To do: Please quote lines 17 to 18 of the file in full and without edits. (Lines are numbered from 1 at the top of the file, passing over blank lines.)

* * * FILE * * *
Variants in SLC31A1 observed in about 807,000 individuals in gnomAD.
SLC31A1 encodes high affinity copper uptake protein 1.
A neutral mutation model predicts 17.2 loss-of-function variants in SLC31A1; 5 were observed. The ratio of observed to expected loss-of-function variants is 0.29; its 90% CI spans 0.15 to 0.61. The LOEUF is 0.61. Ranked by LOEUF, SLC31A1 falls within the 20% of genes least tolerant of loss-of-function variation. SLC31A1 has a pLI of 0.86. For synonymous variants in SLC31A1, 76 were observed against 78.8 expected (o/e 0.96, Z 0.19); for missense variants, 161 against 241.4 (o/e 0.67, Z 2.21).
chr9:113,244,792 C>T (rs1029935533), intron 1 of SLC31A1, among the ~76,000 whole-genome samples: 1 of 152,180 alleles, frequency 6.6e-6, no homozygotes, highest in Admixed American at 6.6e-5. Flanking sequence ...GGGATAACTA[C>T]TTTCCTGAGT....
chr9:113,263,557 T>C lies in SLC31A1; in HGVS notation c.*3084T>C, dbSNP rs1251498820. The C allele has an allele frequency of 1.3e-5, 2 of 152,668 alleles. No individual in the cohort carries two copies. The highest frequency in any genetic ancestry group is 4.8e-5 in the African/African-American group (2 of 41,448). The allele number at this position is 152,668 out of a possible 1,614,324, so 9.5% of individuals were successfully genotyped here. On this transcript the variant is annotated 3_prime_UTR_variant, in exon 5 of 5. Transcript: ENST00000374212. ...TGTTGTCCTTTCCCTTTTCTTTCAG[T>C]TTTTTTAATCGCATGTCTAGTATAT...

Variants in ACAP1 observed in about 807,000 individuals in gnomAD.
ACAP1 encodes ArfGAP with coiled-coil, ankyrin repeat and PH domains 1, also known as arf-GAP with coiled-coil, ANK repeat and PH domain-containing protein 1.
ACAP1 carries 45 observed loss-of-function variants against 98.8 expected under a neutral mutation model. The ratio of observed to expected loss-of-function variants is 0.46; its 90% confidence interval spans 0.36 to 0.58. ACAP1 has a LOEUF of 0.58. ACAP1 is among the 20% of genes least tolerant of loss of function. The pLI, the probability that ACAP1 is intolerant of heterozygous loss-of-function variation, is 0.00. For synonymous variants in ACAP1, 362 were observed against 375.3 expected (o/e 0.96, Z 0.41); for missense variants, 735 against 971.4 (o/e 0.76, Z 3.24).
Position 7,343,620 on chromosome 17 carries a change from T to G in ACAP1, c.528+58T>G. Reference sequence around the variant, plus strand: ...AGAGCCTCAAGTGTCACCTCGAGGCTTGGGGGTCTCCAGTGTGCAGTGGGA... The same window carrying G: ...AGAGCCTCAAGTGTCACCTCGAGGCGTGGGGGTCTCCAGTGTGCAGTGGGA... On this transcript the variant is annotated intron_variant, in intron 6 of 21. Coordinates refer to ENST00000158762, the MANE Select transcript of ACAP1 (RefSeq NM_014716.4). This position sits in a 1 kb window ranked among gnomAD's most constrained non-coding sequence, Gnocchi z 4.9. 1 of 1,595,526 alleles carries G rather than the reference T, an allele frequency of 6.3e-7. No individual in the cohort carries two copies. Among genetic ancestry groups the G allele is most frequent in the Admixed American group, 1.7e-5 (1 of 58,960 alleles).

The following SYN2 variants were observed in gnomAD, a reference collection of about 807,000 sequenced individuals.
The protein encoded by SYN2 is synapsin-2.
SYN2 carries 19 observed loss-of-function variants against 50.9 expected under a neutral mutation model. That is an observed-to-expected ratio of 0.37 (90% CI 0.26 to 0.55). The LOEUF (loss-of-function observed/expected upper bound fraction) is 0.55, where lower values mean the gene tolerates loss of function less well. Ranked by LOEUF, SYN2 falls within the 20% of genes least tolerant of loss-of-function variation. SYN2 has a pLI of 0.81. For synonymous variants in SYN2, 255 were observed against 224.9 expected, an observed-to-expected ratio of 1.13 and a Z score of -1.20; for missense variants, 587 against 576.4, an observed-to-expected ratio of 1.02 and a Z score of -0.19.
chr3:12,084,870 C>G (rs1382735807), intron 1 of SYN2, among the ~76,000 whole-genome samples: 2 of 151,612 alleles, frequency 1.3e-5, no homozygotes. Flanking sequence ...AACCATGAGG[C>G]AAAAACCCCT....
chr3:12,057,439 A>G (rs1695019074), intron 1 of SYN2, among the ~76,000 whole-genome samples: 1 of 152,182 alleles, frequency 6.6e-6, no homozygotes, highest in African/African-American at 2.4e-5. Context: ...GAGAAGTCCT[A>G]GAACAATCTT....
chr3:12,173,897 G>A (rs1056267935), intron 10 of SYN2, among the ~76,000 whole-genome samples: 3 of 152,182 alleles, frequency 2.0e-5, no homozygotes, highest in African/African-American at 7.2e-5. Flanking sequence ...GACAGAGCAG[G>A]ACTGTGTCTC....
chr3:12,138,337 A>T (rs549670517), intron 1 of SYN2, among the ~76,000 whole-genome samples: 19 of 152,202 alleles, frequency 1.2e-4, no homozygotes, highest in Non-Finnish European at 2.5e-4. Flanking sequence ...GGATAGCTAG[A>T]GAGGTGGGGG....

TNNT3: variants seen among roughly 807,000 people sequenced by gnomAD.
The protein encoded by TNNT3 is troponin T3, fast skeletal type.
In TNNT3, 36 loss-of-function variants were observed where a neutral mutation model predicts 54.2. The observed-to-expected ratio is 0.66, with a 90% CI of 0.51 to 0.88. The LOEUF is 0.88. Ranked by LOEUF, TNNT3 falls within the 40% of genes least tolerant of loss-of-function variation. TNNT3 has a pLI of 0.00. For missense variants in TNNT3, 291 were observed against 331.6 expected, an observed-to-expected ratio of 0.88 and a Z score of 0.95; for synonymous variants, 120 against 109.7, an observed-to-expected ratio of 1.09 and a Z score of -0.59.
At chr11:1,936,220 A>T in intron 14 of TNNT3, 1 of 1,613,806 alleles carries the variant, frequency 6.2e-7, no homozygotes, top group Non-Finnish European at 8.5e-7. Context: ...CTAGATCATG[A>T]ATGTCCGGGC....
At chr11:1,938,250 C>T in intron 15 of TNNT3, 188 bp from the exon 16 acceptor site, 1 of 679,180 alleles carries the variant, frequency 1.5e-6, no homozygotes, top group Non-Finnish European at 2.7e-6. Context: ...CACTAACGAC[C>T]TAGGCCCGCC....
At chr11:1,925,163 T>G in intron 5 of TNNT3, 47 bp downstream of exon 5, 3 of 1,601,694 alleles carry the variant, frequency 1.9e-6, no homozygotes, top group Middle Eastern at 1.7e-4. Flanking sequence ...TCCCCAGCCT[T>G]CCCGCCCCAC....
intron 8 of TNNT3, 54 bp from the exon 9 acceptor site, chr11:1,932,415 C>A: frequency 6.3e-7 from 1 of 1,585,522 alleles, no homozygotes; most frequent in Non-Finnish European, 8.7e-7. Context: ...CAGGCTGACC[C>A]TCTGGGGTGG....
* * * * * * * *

TNNT3: variants seen among roughly 807,000 people sequenced by gnomAD.
The protein encoded by TNNT3 is troponin T3, fast skeletal type.